J.C. Penney has just been caught in the middle of a very ambitious search-engine manipulation scheme, and Google isn't thrilled to learn about this issue.
Google has just caught and cracked down on what is arguably one of the biggest attempts at manipulating the company's search engine rankings. While stories like this aren't uncommon when it comes to spam tactics from, say, certain dubious web games and the like, the accused party behind this scam might surprise you: It's retail giant J.C. Penney.
According to a recent New York Times article, suspicions were raised when it was revealed that J.C. Penney was the top result for a wide variety of searches that most people wouldn't necessarily associate with the company (examples include "dresses", "bedding", and "area rugs"). The Times asked online search expert Doug Pierce of Blue Fountain Media to help them figure out how this could be, and the man's answer was enough to upset Google it was forwarded to the company.
Pierce discovered that, when he searched for "dresses", there were over 2,000 sites listed that referenced dresses. However, many of these sites had nothing to do dresses, but they included text links to J.C. Penney. In fact, many of these sites were nothing but link farms.
The Times contacted Google with this information and wound up in an interview with Matt Cutts, the head of Google's webspam team. Cutts clearly wasn't happy about the issue, which was a clear violation of Google's advertising terms. Cutts also mentioned that jcpenney.com had previously violated Google's guidelines three times in the past (the most recent time being in November). Accordingly, Google took some pretty immediate action to correct the search engine manipulation:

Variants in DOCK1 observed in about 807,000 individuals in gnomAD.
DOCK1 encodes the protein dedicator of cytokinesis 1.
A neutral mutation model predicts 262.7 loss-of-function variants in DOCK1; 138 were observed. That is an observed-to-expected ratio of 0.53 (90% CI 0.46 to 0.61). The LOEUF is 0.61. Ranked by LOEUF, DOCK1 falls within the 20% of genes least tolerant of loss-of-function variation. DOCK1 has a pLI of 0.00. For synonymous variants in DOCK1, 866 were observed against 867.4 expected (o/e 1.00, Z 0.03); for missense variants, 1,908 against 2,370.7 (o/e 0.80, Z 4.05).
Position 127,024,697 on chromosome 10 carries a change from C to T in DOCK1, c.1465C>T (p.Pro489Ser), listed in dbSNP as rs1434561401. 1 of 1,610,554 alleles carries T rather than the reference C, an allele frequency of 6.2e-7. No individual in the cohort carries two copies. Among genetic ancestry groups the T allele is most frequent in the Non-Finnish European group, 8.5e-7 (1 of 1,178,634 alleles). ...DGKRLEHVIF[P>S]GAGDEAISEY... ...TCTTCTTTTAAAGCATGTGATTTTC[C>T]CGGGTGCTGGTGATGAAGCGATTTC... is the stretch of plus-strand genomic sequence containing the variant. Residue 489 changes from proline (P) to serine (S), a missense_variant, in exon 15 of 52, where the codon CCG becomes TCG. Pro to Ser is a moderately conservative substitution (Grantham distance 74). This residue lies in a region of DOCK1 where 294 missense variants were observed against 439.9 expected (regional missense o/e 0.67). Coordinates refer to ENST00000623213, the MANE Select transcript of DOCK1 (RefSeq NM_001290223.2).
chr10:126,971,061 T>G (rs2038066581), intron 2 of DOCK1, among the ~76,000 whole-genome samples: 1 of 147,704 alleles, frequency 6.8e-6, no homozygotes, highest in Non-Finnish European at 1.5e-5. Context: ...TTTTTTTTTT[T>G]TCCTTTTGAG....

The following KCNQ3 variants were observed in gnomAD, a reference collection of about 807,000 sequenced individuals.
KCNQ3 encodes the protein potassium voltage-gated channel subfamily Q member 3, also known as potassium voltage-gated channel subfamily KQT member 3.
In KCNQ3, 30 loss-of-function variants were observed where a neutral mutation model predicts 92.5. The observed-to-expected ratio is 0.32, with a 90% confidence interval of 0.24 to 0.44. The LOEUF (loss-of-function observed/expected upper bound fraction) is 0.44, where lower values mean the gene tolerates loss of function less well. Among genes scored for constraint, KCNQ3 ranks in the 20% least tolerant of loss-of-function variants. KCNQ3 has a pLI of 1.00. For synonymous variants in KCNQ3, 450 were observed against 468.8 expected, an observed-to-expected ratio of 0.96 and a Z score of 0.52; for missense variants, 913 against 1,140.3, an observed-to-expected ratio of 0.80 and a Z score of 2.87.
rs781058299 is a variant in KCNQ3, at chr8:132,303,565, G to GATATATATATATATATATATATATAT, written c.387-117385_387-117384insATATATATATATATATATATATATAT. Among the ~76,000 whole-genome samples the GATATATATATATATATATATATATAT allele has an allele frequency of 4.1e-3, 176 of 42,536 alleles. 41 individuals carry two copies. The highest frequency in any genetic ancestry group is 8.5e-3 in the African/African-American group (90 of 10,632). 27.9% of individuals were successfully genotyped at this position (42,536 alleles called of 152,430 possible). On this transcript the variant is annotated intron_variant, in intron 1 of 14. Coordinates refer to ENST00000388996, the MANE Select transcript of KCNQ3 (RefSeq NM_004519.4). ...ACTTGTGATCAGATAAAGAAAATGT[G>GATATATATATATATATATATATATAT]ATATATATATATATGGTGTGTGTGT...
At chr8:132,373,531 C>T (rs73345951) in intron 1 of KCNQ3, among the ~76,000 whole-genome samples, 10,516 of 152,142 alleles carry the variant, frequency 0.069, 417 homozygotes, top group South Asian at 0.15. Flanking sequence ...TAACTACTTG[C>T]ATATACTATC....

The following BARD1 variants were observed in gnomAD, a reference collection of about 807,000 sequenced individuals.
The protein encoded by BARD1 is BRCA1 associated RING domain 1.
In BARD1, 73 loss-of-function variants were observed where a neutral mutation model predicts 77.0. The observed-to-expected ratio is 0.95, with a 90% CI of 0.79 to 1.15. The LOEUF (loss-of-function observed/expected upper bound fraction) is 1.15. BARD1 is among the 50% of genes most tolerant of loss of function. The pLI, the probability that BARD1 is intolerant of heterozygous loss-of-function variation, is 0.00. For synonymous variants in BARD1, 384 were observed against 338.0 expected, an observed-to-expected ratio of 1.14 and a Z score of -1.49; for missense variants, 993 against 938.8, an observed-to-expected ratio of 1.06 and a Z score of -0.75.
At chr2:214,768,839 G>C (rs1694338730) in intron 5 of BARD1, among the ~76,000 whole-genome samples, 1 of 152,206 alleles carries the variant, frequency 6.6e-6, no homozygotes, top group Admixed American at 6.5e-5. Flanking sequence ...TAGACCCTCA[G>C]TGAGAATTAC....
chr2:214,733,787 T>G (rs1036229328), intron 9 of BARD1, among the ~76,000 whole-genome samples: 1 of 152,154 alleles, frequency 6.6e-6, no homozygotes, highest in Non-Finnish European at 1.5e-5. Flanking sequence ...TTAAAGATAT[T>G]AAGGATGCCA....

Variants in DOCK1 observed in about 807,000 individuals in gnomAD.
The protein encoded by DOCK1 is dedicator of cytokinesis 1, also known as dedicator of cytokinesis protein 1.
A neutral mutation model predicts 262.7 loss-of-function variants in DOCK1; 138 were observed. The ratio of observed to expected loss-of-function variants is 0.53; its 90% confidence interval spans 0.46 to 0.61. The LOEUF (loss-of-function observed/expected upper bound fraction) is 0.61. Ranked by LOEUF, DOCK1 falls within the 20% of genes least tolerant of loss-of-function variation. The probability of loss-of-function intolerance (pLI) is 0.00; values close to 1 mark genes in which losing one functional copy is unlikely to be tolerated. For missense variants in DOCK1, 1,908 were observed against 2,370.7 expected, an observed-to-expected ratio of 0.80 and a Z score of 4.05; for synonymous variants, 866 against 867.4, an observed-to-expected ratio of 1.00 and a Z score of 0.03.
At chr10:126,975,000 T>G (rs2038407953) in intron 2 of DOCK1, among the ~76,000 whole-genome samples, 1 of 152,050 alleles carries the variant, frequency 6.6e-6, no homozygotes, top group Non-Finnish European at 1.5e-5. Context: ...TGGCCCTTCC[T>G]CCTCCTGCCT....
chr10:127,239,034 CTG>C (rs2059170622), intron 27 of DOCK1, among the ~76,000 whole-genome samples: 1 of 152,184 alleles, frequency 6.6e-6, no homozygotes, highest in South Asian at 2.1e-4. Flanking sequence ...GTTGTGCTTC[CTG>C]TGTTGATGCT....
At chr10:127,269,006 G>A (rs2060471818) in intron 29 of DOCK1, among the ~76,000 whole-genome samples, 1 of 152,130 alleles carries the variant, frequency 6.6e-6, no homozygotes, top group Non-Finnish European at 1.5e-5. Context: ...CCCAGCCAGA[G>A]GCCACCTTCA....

On Wednesday evening, Google began what it calls a "manual action" against Penney, essentially demotions specifically aimed at the company.
At 7 p.m. Eastern time on Wednesday, J. C. Penney was still the No. 1 result for "Samsonite carry on luggage."
Two hours later, it was at No. 71.
At 7 p.m. on Wednesday, Penney was No. 1 in searches for "living room furniture."
By 9 p.m., it had sunk to No. 68.
In other words, one moment Penney was the most visible online destination for living room furniture in the country.
The next it was essentially buried.
J.C. Penney, of course, isn't happy about this. The retail chain fired SearchDex, it's search engine consulting firm. A spokeswoman for the company denied any wrongdoing in the matter, and the company issued the following statement following Google's response: "We are disappointed that Google has reduced our rankings due to this matter, but we will continue to work actively to retain our high natural search position."
This is a very public black eye for J.C. Penney, but I can't exactly bring myself to feel sorry for the company when it was pretty obviously involved with something so shady.